As I noted earlier, several of my first efforts proved to be ‘worthless’ per the standards of book collecting as I sent book club editions from the family library. So, one of my first steps was to distinguish between true publisher copies and book club editions, at times a tricky endeavor but ultimately one that I mastered out of necessity. As I worked through this early learning process, I then began to expand my search for books by authors with whom I was familiar but had not necessarily read; ones who were well-known and/or respected in the literary community.
I began to attend local library sales regularly, visit thrift stores, go out of my area to larger sales, and even review the stacks of new books at large box sellers. By this time, central requirements were that each book, with few exceptions, be a first edition copy and that the copy be as fine condition as possible.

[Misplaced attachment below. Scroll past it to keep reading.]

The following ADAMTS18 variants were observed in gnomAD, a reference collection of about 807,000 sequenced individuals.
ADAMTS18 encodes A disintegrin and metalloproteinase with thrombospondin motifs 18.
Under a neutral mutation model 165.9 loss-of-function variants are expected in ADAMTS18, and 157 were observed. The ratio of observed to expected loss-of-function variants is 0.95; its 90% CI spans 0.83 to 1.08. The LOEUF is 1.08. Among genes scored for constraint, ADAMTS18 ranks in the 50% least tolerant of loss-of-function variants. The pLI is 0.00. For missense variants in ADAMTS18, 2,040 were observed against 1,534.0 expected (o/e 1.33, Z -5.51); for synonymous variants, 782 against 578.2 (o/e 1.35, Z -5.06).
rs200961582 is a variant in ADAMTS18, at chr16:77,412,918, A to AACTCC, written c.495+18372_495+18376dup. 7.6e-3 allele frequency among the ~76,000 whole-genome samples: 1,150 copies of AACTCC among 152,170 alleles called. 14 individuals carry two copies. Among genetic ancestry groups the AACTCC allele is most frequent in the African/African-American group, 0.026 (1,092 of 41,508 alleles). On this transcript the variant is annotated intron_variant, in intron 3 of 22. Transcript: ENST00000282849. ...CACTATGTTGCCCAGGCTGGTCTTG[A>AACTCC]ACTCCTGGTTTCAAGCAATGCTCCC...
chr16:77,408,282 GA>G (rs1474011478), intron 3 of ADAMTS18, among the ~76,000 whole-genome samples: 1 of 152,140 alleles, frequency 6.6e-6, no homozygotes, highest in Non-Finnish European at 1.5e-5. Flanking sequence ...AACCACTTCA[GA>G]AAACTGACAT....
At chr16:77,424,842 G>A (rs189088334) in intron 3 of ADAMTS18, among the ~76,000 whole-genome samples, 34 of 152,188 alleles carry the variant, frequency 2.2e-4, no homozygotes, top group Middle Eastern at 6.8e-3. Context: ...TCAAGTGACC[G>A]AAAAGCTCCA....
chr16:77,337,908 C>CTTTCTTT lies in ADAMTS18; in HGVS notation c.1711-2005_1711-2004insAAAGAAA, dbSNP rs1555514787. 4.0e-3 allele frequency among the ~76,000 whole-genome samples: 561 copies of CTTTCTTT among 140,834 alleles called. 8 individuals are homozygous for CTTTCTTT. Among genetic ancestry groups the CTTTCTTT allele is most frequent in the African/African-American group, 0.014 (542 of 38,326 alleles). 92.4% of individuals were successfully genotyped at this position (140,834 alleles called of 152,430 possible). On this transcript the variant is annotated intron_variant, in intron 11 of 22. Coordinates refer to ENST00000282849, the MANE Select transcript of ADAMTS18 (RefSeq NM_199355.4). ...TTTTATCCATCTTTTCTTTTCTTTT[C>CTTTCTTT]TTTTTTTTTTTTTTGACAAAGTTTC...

At this early point, motivated by interest in literature and connecting with authors, I began to regularly send books to writers, both nationally and internationally, and with the kind responses I received from the vast majority, I had found my niche as a collector. As time went on, I broadened my scope beyond the literary to include autobiographies, histories, and other nonfiction topics. The collection began to expand so that over the 30 years of collecting I had acquired 2,500 signed books. My small house had become a repository for a very remarkable collection.
Books Tell You Why: Could you describe your collection? What are its notable attributes?